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It's time for a Chartered Institute of Teachers

The latest figures from the Teacher Training Agency suggest that yet another crisis in teacher supply is looming. Science, mathematics and foreign languages are, as usual, at the sharp end, but now even previously popular subjects such as English, history and geography are showing substantial shortfalls. Technology is worst off of all, with applications two-fifths down on last year and two-thirds down on 1994. Recruitment is having to come from ever smaller pools, so there are also serious concerns about quality.

The new Government must be alarmed at what it has inherited. All its hopes and aspirations for education will be put at risk if it cannot attract and retain high-quality teachers. It may perhaps be tempted to resort to some of the measures that helped us through the last crisis - bursaries, improved marketing, revised targets - before we were rescued by the deep economic recession of the early Nineties.

But I would urge it, given the opportunities it has at this stage of its administration, to go beyond palliatives to a radical re-structuring. If ministers were prepared to think the unthinkable, among the things they should consider would be replacing the postgraduate certificate in education with a paid graduate traineeship, recognising different levels of expertise and experience through the proposed General Teaching Council, and encouraging university departments of education to re-focus on pedagogy - the art and science of teaching.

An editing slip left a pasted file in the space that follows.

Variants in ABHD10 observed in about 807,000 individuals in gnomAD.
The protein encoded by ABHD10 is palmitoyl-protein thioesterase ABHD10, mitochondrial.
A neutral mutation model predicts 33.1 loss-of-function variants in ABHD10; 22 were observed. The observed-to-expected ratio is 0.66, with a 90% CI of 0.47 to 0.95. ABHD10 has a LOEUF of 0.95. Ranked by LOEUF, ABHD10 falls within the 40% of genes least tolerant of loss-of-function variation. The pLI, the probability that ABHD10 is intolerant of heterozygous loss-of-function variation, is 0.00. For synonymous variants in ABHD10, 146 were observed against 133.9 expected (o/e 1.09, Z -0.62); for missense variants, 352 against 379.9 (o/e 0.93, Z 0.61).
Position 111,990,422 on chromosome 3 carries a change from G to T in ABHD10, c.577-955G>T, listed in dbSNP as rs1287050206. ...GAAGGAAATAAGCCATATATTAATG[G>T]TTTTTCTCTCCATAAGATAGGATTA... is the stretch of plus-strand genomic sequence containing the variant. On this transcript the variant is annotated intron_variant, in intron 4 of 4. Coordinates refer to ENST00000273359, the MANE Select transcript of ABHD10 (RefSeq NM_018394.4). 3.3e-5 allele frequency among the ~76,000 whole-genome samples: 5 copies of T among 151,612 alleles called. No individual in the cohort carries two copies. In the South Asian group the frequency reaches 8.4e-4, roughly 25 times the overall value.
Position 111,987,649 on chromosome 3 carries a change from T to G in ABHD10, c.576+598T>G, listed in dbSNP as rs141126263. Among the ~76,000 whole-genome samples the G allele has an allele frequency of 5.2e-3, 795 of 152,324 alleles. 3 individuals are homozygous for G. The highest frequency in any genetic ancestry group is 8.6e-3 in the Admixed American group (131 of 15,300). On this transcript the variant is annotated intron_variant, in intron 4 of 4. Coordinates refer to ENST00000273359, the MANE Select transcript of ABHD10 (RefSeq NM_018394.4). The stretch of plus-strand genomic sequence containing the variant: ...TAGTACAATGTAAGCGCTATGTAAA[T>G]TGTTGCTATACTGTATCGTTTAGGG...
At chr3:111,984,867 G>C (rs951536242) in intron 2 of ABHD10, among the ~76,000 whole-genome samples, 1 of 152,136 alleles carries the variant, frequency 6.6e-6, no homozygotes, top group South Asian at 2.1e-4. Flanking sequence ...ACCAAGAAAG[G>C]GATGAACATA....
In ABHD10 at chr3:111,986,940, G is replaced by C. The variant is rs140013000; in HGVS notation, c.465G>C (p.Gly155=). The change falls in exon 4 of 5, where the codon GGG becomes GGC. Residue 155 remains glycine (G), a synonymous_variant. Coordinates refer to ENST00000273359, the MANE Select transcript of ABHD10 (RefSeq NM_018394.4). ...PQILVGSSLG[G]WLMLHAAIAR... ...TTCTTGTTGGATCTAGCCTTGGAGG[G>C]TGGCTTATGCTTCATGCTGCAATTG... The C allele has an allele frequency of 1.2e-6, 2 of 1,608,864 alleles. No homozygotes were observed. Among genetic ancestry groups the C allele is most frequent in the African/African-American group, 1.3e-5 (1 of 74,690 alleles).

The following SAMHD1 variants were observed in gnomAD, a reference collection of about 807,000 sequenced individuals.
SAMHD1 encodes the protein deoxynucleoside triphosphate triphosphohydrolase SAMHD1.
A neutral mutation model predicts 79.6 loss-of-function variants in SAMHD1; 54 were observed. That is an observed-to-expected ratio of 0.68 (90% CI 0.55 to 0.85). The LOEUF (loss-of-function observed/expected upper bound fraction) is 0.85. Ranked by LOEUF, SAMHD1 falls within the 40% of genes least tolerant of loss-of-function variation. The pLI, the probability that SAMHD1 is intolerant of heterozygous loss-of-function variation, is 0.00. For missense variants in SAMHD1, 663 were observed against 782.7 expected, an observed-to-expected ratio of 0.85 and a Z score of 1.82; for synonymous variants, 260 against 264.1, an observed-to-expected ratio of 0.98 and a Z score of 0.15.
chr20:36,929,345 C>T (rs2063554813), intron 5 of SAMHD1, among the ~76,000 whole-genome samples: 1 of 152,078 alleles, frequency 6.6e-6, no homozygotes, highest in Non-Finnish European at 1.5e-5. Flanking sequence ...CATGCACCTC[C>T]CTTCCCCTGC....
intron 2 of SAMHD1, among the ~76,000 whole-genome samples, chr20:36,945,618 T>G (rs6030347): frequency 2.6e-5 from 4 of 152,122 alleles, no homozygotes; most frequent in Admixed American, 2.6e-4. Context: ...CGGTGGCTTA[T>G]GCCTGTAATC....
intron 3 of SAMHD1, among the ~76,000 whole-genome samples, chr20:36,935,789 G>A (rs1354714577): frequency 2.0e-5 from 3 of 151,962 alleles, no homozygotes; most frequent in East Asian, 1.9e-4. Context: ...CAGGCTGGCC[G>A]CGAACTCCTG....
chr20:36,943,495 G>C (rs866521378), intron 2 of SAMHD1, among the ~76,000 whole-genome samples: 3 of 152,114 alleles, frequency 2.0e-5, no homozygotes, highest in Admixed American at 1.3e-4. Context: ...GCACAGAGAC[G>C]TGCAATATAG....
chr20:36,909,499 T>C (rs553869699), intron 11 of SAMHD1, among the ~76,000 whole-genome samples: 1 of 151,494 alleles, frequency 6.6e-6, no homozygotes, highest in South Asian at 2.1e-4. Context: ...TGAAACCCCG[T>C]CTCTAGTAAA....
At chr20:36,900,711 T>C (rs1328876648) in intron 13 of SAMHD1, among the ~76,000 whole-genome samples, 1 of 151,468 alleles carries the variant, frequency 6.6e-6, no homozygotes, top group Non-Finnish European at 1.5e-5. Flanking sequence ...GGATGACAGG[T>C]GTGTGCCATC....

The PGCE has a long and largely successful history, but it has been so pulled and pushed around in response to demands, first from the Council for the Accreditation of Teacher Education, and then the TTA and the Office For Standards in Education, that it has lost its shape. It is also out of step with the training schemes for many other graduate occupations.

A new graduate undecided between teaching and management, for example, is faced with a choice between remaining a student or going to work for a major company as a salaried employee. The problem of teacher recruitment must therefore be exacerbated by the thought of an extra year running up debts rather than starting to pay them off, and other financial disadvantages, such as losing a year's pension contributions.

Replacing the PGCE by a salaried graduate traineeship would not only put entry into teaching on to a more equitable footing, but also provide a timely opportunity to re-think the nature of the training itself. There would, I think, be little disagreement that teacher training should embrace at least four components: ensuring a good understanding of the subject to be taught; training in the means and methods of teaching it; providing supervised and systematic classroom practice; and allowing some opportunity to reflect on the role of education.